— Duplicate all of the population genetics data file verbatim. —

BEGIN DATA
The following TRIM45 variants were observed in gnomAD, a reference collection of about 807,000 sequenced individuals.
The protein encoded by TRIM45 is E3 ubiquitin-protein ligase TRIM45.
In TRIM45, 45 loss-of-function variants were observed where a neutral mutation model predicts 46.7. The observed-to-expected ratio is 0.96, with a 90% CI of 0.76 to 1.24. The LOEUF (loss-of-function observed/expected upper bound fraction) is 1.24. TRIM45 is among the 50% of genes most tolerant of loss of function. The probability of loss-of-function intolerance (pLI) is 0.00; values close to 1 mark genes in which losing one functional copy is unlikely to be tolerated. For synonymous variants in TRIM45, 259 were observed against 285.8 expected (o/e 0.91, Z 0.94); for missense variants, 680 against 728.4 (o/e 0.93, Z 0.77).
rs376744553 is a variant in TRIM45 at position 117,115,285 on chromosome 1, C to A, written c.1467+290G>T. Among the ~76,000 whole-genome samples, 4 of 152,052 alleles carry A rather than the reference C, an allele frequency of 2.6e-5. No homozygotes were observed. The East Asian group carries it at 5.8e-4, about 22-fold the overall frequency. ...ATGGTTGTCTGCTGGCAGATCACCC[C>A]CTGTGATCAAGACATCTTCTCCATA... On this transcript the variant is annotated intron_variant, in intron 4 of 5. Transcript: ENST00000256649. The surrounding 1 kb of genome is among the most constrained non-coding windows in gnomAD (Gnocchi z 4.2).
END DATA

The following TRIM45 variants were observed in gnomAD, a reference collection of about 807,000 sequenced individuals.
The protein encoded by TRIM45 is E3 ubiquitin-protein ligase TRIM45.
In TRIM45, 45 loss-of-function variants were observed where a neutral mutation model predicts 46.7. The observed-to-expected ratio is 0.96, with a 90% CI of 0.76 to 1.24. The LOEUF (loss-of-function observed/expected upper bound fraction) is 1.24. TRIM45 is among the 50% of genes most tolerant of loss of function. The probability of loss-of-function intolerance (pLI) is 0.00; values close to 1 mark genes in which losing one functional copy is unlikely to be tolerated. For synonymous variants in TRIM45, 259 were observed against 285.8 expected (o/e 0.91, Z 0.94); for missense variants, 680 against 728.4 (o/e 0.93, Z 0.77).
rs376744553 is a variant in TRIM45 at position 117,115,285 on chromosome 1, C to A, written c.1467+290G>T. Among the ~76,000 whole-genome samples, 4 of 152,052 alleles carry A rather than the reference C, an allele frequency of 2.6e-5. No homozygotes were observed. The East Asian group carries it at 5.8e-4, about 22-fold the overall frequency. ...ATGGTTGTCTGCTGGCAGATCACCC[C>A]CTGTGATCAAGACATCTTCTCCATA... On this transcript the variant is annotated intron_variant, in intron 4 of 5. Transcript: ENST00000256649. The surrounding 1 kb of genome is among the most constrained non-coding windows in gnomAD (Gnocchi z 4.2).